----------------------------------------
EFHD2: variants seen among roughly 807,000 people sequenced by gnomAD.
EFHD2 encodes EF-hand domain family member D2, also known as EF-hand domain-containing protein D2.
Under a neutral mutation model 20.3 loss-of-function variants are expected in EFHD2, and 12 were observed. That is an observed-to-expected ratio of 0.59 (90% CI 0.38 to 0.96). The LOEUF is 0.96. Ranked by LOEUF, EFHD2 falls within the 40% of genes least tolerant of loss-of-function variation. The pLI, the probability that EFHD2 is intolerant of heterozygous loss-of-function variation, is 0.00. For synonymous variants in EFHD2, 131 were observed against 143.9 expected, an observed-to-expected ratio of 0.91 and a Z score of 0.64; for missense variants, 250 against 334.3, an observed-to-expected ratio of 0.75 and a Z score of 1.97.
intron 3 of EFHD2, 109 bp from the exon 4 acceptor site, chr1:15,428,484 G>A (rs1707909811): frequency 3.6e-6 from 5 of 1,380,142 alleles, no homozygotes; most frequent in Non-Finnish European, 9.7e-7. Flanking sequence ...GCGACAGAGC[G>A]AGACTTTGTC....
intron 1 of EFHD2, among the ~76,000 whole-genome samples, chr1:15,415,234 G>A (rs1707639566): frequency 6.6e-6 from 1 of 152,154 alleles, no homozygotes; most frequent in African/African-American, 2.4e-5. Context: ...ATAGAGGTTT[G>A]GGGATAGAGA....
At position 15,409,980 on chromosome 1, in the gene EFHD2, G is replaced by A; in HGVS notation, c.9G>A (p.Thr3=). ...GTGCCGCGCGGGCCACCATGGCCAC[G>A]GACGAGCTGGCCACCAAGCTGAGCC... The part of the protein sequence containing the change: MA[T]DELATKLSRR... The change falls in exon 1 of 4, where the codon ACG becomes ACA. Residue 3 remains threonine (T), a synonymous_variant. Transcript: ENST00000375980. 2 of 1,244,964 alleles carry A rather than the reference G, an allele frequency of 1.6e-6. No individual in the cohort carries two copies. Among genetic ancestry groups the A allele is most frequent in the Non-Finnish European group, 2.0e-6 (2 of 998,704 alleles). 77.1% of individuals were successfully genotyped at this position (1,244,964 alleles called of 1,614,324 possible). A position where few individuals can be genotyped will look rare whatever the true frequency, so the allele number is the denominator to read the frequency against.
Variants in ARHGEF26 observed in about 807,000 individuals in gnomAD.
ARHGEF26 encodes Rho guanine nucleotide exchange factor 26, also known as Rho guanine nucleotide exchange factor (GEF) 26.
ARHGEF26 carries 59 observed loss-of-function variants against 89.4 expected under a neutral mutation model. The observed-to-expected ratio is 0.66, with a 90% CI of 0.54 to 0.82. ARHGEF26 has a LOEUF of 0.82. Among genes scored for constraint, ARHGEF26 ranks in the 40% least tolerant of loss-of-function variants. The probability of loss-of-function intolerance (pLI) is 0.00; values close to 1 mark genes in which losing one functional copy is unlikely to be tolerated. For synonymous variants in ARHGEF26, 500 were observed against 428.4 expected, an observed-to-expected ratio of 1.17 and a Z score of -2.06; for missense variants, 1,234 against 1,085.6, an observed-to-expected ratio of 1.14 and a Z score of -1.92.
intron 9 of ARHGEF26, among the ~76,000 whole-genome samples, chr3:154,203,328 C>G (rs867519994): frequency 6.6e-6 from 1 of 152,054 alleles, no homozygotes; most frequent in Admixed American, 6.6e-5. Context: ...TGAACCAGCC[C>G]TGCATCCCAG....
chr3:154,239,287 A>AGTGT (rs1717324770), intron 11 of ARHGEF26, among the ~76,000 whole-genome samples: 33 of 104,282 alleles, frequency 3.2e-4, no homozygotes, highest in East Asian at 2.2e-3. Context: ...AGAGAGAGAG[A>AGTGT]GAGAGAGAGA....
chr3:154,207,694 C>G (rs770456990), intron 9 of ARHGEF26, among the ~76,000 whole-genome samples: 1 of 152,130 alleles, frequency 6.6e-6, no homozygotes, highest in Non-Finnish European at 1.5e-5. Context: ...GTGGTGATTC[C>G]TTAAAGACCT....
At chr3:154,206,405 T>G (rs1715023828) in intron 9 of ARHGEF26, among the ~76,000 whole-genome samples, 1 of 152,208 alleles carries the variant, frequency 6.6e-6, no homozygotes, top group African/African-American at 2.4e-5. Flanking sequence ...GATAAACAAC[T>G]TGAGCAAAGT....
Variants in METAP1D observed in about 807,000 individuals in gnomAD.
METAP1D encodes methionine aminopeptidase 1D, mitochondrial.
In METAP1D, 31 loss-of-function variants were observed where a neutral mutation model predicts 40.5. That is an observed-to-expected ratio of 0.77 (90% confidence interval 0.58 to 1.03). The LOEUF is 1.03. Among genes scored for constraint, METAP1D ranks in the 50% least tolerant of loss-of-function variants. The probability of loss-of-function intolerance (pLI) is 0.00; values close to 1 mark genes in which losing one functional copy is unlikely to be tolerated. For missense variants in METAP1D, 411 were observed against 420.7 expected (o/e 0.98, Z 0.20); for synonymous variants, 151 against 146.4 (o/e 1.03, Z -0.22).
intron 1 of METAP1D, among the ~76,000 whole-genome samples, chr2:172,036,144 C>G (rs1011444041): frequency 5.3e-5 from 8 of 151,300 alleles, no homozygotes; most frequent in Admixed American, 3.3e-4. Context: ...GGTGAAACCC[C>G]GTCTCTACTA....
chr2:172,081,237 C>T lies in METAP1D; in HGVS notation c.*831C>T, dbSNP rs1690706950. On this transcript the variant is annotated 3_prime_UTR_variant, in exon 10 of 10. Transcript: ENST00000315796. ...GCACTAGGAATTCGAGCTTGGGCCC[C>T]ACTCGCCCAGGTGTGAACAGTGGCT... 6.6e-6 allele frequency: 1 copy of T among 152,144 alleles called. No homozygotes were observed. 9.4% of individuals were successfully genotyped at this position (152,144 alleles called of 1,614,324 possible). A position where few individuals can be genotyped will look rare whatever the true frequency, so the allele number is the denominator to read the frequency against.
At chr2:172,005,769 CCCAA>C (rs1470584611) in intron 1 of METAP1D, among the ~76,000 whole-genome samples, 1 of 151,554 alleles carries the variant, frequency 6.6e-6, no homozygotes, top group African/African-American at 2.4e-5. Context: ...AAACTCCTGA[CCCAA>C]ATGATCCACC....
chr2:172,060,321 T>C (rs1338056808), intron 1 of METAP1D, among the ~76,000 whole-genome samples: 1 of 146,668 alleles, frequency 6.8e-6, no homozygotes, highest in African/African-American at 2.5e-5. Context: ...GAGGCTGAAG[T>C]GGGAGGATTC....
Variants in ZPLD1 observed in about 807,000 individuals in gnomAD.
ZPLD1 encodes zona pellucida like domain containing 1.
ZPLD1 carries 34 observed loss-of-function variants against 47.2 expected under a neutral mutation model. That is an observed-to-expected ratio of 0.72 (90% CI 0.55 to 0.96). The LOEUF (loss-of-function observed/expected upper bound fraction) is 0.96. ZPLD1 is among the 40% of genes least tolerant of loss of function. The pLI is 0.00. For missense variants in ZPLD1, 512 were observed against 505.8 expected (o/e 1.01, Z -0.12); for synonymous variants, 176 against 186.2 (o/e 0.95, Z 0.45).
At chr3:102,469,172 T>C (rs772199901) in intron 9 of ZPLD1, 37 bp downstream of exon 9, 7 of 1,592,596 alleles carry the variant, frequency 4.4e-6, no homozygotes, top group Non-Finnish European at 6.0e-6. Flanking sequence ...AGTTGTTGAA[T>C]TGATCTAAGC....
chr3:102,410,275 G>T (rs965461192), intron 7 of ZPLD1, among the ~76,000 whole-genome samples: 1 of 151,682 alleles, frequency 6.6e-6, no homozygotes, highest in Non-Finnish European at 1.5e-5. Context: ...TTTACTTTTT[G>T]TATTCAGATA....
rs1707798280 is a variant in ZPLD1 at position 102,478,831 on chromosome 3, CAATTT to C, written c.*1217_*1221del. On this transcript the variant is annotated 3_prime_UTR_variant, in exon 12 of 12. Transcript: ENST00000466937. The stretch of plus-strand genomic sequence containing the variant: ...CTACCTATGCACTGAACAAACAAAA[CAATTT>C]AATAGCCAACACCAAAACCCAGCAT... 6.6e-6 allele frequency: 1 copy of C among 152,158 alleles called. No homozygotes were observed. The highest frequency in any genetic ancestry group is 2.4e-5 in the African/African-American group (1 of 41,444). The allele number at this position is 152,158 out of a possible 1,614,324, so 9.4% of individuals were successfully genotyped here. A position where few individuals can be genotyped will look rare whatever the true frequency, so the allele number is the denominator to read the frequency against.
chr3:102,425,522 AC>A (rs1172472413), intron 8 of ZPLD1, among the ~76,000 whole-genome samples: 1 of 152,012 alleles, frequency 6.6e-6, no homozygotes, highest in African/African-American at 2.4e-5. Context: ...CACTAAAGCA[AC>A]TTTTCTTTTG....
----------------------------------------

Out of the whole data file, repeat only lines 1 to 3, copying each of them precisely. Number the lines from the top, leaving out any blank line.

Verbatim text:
EFHD2: variants seen among roughly 807,000 people sequenced by gnomAD.
EFHD2 encodes EF-hand domain family member D2, also known as EF-hand domain-containing protein D2.
Under a neutral mutation model 20.3 loss-of-function variants are expected in EFHD2, and 12 were observed. That is an observed-to-expected ratio of 0.59 (90% CI 0.38 to 0.96). The LOEUF is 0.96. Ranked by LOEUF, EFHD2 falls within the 40% of genes least tolerant of loss-of-function variation. The pLI, the probability that EFHD2 is intolerant of heterozygous loss-of-function variation, is 0.00. For synonymous variants in EFHD2, 131 were observed against 143.9 expected, an observed-to-expected ratio of 0.91 and a Z score of 0.64; for missense variants, 250 against 334.3, an observed-to-expected ratio of 0.75 and a Z score of 1.97.